When one of my writing groups met at our home not long ago, I asked them to do a fun exercise that you can do on your own.
The idea is to look at the same thing but describe it through the eyes of people who have different backgrounds and points of view. This gives you great practice in getting inside the mind of your characters, knowing that each character will experience life differently based on past experience.
It also helps you get into the mindset of your readers and use language that will resonate with them.
Here’s how it works:
Choose a scene, view or landscape—it can be wherever you are. In the case of my writing group, I chose our front yard, since everyone could see it through our living room window. But you could choose a room in your house or apartment, an intersection in your neighborhood—any place you happen to be.
Now come up with three or four different characters, and write a two-or-three-paragraph description through the eyes of each one. Here’s what I used for my writing group:
Describe the view of our front yard out the picture window as though…
…you’re a naturalist observing a picturesque scene. Imagine you’re writing a report for other naturalists about what you see.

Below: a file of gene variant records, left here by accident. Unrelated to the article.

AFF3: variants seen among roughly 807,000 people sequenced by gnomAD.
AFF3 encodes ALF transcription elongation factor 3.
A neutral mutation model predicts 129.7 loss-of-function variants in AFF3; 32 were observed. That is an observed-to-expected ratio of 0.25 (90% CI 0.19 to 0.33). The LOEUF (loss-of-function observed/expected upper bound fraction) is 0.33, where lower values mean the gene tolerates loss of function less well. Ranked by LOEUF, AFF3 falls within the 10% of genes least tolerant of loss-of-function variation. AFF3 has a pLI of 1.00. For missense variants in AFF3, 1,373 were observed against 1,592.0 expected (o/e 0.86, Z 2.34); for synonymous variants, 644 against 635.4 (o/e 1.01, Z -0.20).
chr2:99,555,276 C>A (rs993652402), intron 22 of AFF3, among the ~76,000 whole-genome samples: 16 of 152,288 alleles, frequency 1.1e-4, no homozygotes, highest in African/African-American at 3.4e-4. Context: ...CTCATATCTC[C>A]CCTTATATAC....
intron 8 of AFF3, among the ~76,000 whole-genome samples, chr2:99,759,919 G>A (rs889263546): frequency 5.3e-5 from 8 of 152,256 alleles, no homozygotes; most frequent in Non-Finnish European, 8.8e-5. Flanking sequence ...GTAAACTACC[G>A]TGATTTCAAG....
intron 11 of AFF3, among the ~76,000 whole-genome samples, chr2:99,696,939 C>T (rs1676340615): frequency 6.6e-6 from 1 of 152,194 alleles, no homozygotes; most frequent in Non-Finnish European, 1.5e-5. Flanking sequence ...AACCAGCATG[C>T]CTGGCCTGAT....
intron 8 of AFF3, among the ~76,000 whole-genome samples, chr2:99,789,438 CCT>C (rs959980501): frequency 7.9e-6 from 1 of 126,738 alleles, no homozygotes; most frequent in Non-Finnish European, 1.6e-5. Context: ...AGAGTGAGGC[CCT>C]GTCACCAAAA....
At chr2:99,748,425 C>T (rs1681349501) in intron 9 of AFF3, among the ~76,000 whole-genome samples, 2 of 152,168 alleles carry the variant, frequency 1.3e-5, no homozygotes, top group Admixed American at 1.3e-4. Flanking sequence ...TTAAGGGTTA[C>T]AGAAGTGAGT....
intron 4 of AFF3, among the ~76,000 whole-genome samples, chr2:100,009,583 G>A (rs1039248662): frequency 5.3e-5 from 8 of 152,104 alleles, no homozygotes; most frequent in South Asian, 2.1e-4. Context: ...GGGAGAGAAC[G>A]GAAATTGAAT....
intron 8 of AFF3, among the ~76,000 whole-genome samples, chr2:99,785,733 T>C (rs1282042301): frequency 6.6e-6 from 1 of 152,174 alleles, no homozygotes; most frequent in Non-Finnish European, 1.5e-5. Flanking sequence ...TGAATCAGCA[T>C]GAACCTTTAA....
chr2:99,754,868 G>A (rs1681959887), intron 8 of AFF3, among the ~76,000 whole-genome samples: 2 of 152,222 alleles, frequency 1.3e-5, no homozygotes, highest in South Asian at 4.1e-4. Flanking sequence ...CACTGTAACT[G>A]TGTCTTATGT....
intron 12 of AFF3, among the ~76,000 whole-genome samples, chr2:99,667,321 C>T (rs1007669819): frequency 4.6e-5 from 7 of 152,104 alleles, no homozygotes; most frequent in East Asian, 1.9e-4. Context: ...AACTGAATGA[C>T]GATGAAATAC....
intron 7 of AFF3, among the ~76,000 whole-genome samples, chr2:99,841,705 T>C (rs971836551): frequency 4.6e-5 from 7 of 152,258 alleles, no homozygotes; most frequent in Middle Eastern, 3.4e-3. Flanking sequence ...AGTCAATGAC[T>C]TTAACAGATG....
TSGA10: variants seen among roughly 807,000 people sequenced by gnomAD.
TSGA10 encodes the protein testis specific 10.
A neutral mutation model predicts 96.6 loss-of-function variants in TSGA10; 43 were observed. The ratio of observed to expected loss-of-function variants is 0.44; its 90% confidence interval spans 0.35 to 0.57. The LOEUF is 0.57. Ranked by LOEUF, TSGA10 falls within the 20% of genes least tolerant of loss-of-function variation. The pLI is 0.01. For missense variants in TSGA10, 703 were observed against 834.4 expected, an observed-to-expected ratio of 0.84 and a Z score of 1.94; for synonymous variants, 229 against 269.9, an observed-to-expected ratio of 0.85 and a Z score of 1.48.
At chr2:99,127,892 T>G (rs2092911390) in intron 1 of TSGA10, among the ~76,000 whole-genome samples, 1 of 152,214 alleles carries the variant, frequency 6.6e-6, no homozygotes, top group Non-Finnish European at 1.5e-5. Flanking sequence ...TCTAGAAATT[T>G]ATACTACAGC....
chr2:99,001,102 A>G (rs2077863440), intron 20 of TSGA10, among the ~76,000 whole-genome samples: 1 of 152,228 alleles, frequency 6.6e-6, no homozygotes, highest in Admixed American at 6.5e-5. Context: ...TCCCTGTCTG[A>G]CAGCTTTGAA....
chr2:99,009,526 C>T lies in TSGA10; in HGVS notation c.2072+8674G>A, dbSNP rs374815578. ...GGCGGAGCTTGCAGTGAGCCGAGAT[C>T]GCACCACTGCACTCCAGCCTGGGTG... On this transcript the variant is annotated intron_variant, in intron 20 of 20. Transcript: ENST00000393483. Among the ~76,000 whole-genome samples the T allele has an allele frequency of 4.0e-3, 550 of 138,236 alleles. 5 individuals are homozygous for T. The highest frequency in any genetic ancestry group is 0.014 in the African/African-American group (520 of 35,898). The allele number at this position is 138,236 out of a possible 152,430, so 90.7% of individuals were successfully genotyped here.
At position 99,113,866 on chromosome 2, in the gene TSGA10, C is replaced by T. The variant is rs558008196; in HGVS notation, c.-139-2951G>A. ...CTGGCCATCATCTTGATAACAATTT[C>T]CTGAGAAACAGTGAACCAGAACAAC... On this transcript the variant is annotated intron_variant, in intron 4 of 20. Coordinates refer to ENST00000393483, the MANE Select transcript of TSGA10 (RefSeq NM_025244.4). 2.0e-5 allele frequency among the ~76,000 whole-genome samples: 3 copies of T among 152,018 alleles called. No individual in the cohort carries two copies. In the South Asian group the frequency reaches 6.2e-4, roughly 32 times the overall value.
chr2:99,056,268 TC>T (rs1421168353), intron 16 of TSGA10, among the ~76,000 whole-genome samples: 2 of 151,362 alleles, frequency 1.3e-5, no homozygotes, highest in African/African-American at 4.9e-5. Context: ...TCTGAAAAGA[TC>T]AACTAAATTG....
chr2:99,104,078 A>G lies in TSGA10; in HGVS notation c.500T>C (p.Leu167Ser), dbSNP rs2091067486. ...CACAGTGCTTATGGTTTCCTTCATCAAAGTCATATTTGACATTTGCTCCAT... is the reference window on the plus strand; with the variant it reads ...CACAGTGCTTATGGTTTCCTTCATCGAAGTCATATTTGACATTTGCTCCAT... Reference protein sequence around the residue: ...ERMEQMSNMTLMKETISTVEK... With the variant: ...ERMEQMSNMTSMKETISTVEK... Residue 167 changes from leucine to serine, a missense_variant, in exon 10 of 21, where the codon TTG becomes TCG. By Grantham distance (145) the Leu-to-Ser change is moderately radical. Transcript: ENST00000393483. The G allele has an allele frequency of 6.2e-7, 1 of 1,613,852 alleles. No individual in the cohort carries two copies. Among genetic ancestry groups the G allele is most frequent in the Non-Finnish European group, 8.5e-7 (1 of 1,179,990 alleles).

…you’re a visitor from Europe, and you’re seeing the Iowa landscape for the first time.
…you’ve just moved into this house, and you’re writing a journal entry about your new property.
…you’re a Hollywood celebrity, and this is your first visit to Iowa.
The women in the writing group did a terrific job of climbing into their character’s skin. The Hollywood celebrity, for instance, noticed the uneven ground in the front yard and lamented how tricky it would be to navigate in heels, while the naturalist noticed a nest high in a tree and wondered what species of squirrel resided there.
Now it’s your turn. Choose your scene, define your character, and see how the view—and your writing—changes depending on whose eyes you’re looking through.